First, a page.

“I wish Mother’s Day wasn’t happening,” says Shareen Dussard from London.
It is 10 weeks since her mum Lorraine passed away and she is not looking forward to it.
Mother’s Day takes on a different meaning if you have lost your mum.
At a time when you might still be coming to terms with your loss, social media is flooded with posts about mothers that can be hard to avoid.
There are constant reminders in the shops with cards, flowers and gifts aimed at celebrating the one person you can’t be with.
“Knowing this day has been coming up has been hard, along with planning what to do and thinking about avoiding social media,” Shareen says.
The 28-year-old says she’s aware a lot of people have avoided talking about Mother’s Day with her.
She tells Radio 1 Newsbeat that she’d actually like it if friends sent her a message, acknowledging the day instead.
“The most important thing is that people check in and make sure I’m okay, I will need that,” she says.
“My mum loved steak, so we’ll definitely be cooking that. It’s a day to reflect and remember but I’ll be trying not to get upset.”
A few weeks ago Christie Ford’s mum died unexpectedly. She says she is finding it hard to be surrounded with all the cards and presents in the shops.
“Usually I get her a card every single year, some kind of jokey card. I never buy her anything soppy.
“You see loads of Mothering Sunday cards and gifts and you’re just like ‘oh wait, actually, she’s just not here anymore.'”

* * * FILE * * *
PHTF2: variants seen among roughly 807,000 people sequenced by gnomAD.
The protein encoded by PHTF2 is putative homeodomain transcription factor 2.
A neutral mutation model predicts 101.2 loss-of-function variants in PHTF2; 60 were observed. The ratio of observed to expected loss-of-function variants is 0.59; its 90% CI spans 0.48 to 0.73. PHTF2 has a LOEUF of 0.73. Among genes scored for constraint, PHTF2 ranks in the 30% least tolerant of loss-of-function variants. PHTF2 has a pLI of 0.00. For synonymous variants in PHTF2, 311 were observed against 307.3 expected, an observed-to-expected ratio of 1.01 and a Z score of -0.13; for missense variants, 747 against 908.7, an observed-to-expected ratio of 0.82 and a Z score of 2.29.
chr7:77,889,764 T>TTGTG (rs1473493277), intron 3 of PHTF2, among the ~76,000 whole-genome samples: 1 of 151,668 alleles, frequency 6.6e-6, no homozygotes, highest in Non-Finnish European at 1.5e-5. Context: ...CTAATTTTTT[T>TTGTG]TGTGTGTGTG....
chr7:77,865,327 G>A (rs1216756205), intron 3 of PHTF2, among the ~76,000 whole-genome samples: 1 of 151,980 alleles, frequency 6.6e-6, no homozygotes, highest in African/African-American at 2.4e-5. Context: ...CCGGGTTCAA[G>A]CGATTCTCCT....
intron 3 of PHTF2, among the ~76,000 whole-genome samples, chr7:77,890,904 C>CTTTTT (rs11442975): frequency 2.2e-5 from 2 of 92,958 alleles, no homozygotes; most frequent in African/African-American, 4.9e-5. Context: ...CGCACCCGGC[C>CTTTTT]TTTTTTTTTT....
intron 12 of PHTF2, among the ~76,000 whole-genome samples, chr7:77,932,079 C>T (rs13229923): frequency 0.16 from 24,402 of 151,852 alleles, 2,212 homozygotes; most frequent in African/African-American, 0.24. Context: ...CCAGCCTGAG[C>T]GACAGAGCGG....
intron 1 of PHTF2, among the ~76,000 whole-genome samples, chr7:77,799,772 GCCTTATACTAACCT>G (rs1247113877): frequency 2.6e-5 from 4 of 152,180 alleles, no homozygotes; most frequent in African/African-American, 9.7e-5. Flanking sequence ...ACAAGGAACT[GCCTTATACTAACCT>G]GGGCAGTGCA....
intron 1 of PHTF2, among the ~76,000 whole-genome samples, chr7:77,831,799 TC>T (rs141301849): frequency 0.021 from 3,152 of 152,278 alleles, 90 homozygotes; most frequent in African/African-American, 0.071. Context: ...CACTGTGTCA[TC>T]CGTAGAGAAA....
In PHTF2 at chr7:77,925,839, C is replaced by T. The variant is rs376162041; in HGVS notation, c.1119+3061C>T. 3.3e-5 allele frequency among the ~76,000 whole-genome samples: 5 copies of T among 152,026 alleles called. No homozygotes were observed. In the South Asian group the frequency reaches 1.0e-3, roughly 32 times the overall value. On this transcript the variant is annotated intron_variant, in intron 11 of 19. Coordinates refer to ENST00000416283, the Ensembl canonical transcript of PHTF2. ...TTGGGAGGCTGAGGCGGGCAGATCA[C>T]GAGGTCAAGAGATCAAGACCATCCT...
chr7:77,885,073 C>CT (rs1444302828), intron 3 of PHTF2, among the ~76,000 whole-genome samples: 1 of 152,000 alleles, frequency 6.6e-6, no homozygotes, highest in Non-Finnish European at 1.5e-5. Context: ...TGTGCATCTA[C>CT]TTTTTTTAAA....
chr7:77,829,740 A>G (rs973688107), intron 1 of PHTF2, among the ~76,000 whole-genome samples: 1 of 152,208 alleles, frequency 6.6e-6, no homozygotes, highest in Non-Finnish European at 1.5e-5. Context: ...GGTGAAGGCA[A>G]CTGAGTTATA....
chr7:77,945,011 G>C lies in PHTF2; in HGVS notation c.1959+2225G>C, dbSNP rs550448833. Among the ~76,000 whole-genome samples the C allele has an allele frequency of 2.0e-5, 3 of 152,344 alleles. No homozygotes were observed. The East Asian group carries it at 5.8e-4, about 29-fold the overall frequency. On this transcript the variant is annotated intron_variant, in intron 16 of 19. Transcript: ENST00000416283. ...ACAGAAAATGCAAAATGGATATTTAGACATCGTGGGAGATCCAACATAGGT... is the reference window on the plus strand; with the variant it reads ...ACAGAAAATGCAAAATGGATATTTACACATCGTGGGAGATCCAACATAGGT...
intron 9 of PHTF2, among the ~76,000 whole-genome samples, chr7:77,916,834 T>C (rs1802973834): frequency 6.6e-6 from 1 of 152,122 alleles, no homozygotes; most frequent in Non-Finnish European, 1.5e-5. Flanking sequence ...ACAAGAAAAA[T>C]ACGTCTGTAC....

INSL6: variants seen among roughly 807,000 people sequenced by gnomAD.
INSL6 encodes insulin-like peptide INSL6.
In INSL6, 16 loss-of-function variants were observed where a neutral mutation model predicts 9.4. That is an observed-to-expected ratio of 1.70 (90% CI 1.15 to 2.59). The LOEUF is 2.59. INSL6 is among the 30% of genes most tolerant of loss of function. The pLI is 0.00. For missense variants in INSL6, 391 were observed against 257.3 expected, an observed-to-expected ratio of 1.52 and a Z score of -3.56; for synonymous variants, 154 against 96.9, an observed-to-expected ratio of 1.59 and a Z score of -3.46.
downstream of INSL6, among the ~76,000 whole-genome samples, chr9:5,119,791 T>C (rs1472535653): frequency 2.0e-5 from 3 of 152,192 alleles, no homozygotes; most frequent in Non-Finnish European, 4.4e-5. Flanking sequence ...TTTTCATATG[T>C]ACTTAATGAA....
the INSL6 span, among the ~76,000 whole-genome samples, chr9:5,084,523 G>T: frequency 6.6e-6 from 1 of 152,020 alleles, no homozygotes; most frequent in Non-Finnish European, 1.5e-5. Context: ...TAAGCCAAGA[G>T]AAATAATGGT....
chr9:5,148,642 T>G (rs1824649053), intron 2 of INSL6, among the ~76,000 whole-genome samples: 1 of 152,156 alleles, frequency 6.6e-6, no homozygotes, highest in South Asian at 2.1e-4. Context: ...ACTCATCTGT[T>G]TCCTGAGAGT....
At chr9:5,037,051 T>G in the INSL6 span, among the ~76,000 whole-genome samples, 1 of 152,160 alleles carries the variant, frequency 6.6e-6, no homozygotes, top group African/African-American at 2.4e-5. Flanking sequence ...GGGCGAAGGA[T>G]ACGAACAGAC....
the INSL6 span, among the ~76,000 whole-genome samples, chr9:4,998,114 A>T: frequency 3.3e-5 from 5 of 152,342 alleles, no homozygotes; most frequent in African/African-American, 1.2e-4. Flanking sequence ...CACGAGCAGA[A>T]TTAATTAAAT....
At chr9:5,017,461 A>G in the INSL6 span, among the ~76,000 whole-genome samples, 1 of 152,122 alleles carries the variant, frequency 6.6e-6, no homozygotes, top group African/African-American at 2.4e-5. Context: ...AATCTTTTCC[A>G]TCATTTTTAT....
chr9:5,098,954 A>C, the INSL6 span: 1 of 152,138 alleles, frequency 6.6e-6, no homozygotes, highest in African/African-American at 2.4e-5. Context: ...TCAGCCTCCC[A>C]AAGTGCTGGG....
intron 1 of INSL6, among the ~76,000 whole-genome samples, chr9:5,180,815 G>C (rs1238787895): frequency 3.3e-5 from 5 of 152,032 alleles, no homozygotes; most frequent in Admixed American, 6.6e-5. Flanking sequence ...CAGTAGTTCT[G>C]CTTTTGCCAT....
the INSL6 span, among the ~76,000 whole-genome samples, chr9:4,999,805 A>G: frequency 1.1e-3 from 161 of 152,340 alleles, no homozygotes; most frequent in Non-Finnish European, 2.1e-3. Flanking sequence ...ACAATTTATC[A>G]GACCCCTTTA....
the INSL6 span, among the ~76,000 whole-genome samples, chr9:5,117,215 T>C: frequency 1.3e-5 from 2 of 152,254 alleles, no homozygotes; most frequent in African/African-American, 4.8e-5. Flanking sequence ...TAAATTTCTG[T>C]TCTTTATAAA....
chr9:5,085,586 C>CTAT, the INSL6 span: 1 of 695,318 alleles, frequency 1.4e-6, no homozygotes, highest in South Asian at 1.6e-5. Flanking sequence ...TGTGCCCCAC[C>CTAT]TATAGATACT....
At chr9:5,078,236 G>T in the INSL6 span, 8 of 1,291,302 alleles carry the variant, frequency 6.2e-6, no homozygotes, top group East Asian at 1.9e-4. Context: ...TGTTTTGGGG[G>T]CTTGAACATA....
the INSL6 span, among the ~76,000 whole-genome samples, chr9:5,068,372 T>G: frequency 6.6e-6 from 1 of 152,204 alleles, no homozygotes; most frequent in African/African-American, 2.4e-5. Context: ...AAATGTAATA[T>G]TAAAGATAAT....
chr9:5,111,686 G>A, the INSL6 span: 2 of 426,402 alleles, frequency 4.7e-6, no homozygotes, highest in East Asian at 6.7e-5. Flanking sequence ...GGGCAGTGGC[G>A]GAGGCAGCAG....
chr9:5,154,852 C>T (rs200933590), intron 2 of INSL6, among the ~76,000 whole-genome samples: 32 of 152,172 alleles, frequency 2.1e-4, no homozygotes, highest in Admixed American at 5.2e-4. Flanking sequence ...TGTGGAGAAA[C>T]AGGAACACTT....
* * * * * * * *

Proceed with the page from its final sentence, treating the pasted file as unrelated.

Christie has actually found social media helpful though: “There are a few people on there I know that have lost their mothers recently so it has made it a bit easier.”
What she doesn’t want is other people to hide their own happiness because of her grief.
“Don’t avoid the subject because you’ve got your own mum. Enjoy yourself. I don’t want others to be miserable.”
Sara Bennett is from Balloons, a charity that helps children, young people and their families with their grief.
She says: “If it’s the first Mother’s Day without mum then everything has changed. When mum dies then families are left uncertain about what to do on this day.
“Some will make it a memorial day and celebrate their mum’s legacy, others won’t want to mark it at all.
“It’s important to acknowledge that it is a hard milestone, and that families and friends are able to talk about how they are feeling and that their worries are validated.
“Sit and listen. It hurts and that’s okay. Losing your mum is painful.”
For Andrea Toth, the best way to cope is to surround herself with friends. Her mum Maria died in October last year.
“I’ve had knots in my stomach. Just seeing ads for afternoon teas and all the cards in the shops is difficult, so I have organised to go to the pub with some friends.”
Andrea confesses she spends a lot of time on social media, but will be switching off today.
“I know there will be lot of Mother’s Day content online and I just don’t need that constant reminder,” she says.